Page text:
Study: Permanently Avoiding Colic Impossible in Some Horses

Study: Permanently Avoiding Colic Impossible in Some Horses

"This is the first documented incidence of renosplenic entrapment after RSA, which proves that this may not always be a lasting solution as is widely accepted, at least when performed in very young animals," Hendrickson said.

Photo: Anne M. Eberhardt/The Horse

According to Greek philosopher Heraclitus of Ephesus, "There is nothing permanent except change." What he failed to add was, "especially when it comes to colicky horses."

Up to 6% of all colic cases are caused by renosplenic entrapment, which occurs when the large intestine slips up and over the ligament between the left kidney and spleen. Renosplenic entrapment usually causes only mild signs of colic; nonetheless, the intestine needs to be returned to its normal position.

"The most common methods of treating renosplenic entrapments are phenylephrine injection, rolling, or abdominal surgery," explained Dean Hendrickson, DVM, MS, Dipl. ACVS, an equine surgeon and professor at Colorado State University's College of Veterinary Medicine.

Even with treatment, 3-7% of successfully treated horses can suffer repeat episodes of renosplenic entrapment.

"There are a number of methods to avoid recurrence such as sewing the large intestine to the body wall, removing a large section of the large intestine, or ablating the space between the kidney and spleen," Hendrickson explained. One presumably permanent treatment used to avoid recurrent renosplenic entrapment is "renosplenic space ablation" (RSA, a type of surgery designed to prevent the displacement of the large intestine).

In 2002 Hendrickson and colleagues treated a 7-month-old colt with renosplenic entrapment. They performed an RSA; however, seven years later the horse was diagnosed with another renosplenic entrapment. Surgeons resolved the entrapment and performed a second so-called "permanent" RSA. Three years later, in 2010, the horse colicked again and had a section of his large colon removed. According to Hendrickson, the ablation was intact at that time, but the horse's colon continued to move, just not into the renosplenic space.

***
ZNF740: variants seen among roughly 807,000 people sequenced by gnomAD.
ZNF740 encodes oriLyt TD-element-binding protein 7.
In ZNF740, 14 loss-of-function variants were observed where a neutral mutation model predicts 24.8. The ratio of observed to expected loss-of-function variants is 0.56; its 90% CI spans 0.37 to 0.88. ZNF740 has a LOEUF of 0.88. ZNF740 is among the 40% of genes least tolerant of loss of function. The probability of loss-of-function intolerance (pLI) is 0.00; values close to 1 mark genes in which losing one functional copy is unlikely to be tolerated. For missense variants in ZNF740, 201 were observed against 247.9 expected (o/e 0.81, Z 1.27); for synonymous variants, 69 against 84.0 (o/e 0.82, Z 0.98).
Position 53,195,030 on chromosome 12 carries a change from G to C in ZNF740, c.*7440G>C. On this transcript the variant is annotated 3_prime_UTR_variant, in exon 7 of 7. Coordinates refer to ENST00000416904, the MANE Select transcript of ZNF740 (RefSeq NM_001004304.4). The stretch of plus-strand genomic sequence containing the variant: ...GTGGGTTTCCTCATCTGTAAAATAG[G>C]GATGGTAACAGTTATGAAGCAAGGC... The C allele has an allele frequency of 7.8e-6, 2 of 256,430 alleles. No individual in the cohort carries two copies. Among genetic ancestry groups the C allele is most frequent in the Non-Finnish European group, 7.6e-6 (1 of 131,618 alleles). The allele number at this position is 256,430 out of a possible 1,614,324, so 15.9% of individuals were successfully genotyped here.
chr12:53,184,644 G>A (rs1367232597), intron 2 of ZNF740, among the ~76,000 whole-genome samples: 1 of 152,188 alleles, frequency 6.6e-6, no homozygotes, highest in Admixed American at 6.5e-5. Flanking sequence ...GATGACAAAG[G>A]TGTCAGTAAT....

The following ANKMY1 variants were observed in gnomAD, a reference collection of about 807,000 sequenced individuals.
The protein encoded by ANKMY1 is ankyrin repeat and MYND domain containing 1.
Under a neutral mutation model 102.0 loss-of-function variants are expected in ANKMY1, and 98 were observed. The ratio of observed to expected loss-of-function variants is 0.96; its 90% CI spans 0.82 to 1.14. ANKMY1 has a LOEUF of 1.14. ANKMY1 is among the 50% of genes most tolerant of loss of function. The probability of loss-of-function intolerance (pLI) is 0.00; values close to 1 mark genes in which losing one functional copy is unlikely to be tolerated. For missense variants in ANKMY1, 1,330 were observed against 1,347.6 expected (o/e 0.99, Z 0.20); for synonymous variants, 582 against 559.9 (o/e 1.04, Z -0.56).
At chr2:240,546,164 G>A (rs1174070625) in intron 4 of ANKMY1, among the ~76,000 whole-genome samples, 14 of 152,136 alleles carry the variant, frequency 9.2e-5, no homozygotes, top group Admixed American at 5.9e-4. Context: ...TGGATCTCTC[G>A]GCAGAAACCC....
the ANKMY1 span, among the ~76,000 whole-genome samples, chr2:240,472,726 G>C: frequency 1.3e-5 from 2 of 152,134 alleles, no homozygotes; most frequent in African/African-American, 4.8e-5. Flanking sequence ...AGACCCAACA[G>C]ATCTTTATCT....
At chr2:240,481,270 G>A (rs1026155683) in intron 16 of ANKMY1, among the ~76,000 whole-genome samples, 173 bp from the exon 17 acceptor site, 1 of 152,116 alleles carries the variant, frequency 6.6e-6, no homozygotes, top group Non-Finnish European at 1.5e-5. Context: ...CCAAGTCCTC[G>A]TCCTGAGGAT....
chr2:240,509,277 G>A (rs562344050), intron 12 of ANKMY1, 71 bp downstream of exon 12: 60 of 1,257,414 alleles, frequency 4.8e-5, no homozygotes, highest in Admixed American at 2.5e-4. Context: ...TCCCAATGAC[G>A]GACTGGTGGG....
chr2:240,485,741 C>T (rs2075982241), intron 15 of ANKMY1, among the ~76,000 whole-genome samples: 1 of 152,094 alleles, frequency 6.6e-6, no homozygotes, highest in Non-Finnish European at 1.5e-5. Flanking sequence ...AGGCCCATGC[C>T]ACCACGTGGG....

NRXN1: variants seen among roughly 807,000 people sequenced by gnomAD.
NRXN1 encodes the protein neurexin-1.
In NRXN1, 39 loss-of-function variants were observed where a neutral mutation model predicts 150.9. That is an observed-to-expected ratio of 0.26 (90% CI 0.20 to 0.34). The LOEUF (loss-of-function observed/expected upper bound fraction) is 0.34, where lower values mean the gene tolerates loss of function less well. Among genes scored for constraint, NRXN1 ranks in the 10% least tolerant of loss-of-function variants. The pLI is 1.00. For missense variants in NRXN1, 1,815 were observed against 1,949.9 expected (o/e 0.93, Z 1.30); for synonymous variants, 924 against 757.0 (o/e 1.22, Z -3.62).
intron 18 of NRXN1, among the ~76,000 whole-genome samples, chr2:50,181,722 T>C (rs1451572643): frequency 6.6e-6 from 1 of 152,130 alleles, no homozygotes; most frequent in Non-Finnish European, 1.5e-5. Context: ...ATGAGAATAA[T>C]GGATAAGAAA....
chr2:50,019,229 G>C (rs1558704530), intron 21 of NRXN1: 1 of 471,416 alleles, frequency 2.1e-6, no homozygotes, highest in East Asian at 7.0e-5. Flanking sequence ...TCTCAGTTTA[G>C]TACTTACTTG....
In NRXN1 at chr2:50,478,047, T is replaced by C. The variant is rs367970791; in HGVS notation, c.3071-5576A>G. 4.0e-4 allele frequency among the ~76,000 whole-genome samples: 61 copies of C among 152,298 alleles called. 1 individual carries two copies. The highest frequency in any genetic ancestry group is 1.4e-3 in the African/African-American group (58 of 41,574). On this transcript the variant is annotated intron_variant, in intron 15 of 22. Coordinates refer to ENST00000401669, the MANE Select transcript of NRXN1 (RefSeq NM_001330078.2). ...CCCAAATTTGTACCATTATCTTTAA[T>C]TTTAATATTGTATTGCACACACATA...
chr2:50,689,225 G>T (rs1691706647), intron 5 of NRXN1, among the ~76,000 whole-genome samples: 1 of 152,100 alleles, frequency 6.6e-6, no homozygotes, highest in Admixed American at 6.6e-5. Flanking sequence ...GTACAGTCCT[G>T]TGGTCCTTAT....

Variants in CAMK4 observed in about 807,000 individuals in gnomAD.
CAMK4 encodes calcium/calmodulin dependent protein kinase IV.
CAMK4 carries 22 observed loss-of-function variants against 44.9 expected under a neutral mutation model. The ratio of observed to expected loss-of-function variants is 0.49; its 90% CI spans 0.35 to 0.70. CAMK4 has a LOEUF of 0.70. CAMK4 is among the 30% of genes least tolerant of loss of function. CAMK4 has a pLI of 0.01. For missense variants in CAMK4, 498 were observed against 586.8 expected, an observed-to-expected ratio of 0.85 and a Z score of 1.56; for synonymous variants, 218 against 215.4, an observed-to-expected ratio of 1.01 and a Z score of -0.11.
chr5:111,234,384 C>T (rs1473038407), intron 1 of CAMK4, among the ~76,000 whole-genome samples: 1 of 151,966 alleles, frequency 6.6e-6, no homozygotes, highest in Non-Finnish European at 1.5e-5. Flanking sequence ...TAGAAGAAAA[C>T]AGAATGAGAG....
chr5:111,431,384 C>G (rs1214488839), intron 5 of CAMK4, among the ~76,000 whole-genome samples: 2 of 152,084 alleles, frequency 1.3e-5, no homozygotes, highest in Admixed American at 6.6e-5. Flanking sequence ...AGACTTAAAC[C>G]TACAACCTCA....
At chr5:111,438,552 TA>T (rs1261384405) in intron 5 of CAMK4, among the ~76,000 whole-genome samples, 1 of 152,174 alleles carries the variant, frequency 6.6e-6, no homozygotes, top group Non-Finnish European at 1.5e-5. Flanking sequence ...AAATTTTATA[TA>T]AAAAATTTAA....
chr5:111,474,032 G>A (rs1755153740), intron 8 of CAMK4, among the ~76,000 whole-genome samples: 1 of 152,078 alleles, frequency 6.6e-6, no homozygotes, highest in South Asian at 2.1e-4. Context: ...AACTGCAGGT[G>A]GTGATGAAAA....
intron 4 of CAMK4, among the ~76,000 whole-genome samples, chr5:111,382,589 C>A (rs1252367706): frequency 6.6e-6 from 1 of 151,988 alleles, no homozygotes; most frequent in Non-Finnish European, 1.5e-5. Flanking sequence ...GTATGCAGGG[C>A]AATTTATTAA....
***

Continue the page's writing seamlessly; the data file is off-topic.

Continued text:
"The two most interesting parts of this horse's history was his predilection for colic and the fact that the RSA failed," noted Hendrickson. "This is the first documented incidence of renosplenic entrapment after RSA, which proves that this may not always be a lasting solution as is widely accepted, at least when performed in very young animals."

The study, "Recurrence of renosplenic entrapment after renosplenic space ablation in a seven-year-old stallion," was published in the Aug. 15, 2011, edition of the Journal of the American Veterinary Medical Association. The abstract is available on PubMed.

About the Author

Stacey Oke, DVM, MSc

Stacey Oke, MSc, DVM, is a practicing veterinarian and freelance medical writer and editor. She is interested in both large and small animals, as well as complementary and alternative medicine. Since 2005, she's worked as a research consultant for nutritional supplement companies, assisted physicians and veterinarians in publishing research articles and textbooks, and written for a number of educational magazines and websites.

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